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Google Nexus 7

  • Category: GPS Navigation
  • Review Date: 07/03/2012
  • Pros: Fast. Well-built. Well worth the money.
  • Cons: Very limited storage. Google Play media store doesn't quite work. No HDMI or MHL to connect the tablet to HDTVs.
  • Bottom Line: Google and Asus smack it out of the park with the Nexus 7, a terrific small-screen tablet that's an incredible value at $200.

  • Google's Nexus 7 ($199 for 8GB, $249 for 16GB) is a game-changer. The first tablet with Android 4.1 "Jelly Bean," it's the most bang for the buck you can get in the market right now. It's versatile, well-built, fast, and a lot of fun to use. It basically renders every 7-inch tablet priced at more than $300 pretty much irrelevant. If you're looking for a small tablet to surf the Internet and play games, this is the one to buy. It easily unseats the Amazon Kindle Fire ($199, 4 stars) as our Editors' Choice for small tablets.

    Physical Features and Internet
    The Nexus 7 feels well-built, even classy for a $200 tablet—and trust me, I've handled plenty of cheap tablets. Kudos go to the hardware manufacturer, Asus, a company that typically builds good stuff. A Gorilla Glass screen dominates the front of the tablet, and around back, there's a slightly grippy, stippled black rubber panel. At 7.8 by 4.7 by 0.4 inches (HWD) and 12 ounces, it's comfortable to hold in one hand for long periods.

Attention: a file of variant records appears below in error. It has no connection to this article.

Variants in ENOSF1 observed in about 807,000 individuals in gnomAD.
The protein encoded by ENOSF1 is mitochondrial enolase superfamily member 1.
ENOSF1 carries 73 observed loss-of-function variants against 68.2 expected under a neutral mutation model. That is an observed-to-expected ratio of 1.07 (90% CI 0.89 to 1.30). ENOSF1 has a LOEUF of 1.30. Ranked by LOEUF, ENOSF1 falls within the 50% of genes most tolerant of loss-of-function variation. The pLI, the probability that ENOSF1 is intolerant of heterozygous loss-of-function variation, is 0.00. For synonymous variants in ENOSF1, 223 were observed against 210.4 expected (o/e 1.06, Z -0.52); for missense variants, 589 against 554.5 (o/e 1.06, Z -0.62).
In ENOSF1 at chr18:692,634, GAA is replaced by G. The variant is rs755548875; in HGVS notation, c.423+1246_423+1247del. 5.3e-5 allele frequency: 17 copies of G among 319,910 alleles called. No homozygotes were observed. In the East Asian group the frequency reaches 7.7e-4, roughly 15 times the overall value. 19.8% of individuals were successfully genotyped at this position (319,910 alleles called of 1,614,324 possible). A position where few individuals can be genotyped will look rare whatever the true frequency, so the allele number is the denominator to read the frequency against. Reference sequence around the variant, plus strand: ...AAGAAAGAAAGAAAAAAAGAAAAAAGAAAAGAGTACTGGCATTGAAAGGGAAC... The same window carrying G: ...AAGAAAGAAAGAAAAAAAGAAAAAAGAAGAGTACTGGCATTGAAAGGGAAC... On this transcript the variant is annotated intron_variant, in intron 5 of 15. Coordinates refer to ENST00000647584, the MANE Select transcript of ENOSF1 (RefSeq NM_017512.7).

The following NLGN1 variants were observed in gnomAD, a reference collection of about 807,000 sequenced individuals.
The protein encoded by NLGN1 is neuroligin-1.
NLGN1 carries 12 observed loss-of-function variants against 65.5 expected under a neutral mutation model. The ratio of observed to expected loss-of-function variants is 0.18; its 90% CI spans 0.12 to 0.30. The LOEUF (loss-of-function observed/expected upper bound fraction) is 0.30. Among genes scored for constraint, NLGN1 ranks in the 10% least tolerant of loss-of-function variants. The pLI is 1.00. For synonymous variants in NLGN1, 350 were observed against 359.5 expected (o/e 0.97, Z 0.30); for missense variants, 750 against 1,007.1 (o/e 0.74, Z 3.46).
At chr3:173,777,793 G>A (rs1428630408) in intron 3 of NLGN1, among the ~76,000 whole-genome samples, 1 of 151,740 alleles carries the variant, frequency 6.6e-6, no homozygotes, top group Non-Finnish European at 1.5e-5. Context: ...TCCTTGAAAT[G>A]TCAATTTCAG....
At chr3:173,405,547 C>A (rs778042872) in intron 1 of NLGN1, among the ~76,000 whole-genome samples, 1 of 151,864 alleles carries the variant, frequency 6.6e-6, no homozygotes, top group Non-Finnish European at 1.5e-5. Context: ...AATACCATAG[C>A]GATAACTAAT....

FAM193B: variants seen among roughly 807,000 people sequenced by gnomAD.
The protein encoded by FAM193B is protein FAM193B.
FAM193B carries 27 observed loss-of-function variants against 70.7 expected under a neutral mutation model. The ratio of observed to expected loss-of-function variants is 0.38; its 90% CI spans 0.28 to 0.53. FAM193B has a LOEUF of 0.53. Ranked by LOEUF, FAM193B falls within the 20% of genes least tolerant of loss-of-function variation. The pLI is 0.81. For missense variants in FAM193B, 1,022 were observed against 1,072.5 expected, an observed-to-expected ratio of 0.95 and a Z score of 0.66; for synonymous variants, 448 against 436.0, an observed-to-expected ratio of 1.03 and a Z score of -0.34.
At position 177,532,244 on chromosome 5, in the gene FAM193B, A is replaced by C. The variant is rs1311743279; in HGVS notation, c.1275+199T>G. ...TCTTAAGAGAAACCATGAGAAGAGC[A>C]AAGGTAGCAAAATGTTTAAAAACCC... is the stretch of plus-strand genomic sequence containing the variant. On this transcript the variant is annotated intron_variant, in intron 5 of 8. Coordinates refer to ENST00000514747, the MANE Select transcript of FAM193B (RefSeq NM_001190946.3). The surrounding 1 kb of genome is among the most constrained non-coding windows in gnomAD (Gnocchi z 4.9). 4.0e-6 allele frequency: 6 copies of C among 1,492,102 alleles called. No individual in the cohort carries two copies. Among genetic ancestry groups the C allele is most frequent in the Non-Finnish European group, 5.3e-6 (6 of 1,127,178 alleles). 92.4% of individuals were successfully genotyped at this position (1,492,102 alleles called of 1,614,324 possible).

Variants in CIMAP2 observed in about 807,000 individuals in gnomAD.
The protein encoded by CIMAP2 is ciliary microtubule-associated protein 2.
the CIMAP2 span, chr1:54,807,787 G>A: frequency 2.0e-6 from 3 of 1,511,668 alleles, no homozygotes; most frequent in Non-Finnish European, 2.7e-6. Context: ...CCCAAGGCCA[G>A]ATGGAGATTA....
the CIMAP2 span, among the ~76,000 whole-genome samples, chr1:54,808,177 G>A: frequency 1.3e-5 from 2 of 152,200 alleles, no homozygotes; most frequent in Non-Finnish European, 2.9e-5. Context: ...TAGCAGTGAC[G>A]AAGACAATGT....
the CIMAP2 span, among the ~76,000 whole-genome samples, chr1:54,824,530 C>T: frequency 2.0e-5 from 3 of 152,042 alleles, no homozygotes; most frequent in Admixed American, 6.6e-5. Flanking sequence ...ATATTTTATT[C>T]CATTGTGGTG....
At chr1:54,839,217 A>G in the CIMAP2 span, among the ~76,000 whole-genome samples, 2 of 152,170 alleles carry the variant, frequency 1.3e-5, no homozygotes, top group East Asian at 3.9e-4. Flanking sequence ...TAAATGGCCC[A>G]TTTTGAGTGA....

Turn the tablet on using the prominent Power button at the top right corner, and you'll see a perfectly fine 1280-by-800, 7-inch IPS LCD with a huge black bezel around it. The screen is higher-res than the Kindle Fire, which clocks in at 1280-by-600. This is one monster of a bezel, and it makes you wonder if the screen could have been larger, or the tablet smaller. The answer is "probably not for $200." 

    The display is bright enough to see indoors and out, on par with the Kindle Fire's, although it's more reflective and less saturated than the high-end AMOLED screens used by the far more expensive tablets like the Toshiba Excite 7.7 ($499.99, 3.5 stars) and the Samsung Galaxy Tab 7.7 ($699.99, 3.5 stars). 

    A Wi-Fi-only device, the Nexus 7 connects to the Internet using 802.11 b/g/n, albeit only on the 2.4GHz band. I had no problem hooking into several WPA2-protected networks, although it dropped off of one of them at one point during testing. The tablet supports Bluetooth for audio and NFC to transfer files to other NFC-equipped Android devices. Interestingly, Google Wallet doesn't appear in Google Play on the Nexus 7, so, for now, at least, it doesn't look like you can make NFC credit-card payments here.

    Performance and Apps
    The quad-core Nvidia Tegra 3 chipset inside is one of the fastest mobile processors around. This unit runs at 1.3GHz in single core mode, and 1.2GHz when two to four cores are active. It's far faster than the Kindle Fire's older dual-core chipset. While our Antutu system benchmark won't run on the new version of Android, we ran a bunch of other benchmarks, including Geekbench and Quadrant for system scores, Browsermark and Sunspider for the Web, and Nenamark for graphics.

    System-wise, the Nexus 7 performed on par with other recent Tegra 3 tablets like the Toshiba Excite 7.7 . Geekbench is a cross-platform benchmark, and the Tegra 3 tablets score considerably higher on it than the dual-core Apple iPad does—in this case, 1,472 to the iPad's 761. Graphics performance was rock-solid with a 55.9 fps rating in Nenamark, higher than the Excite 7.7 and the Asus Transformer Pad TF300 ($379, 4 stars).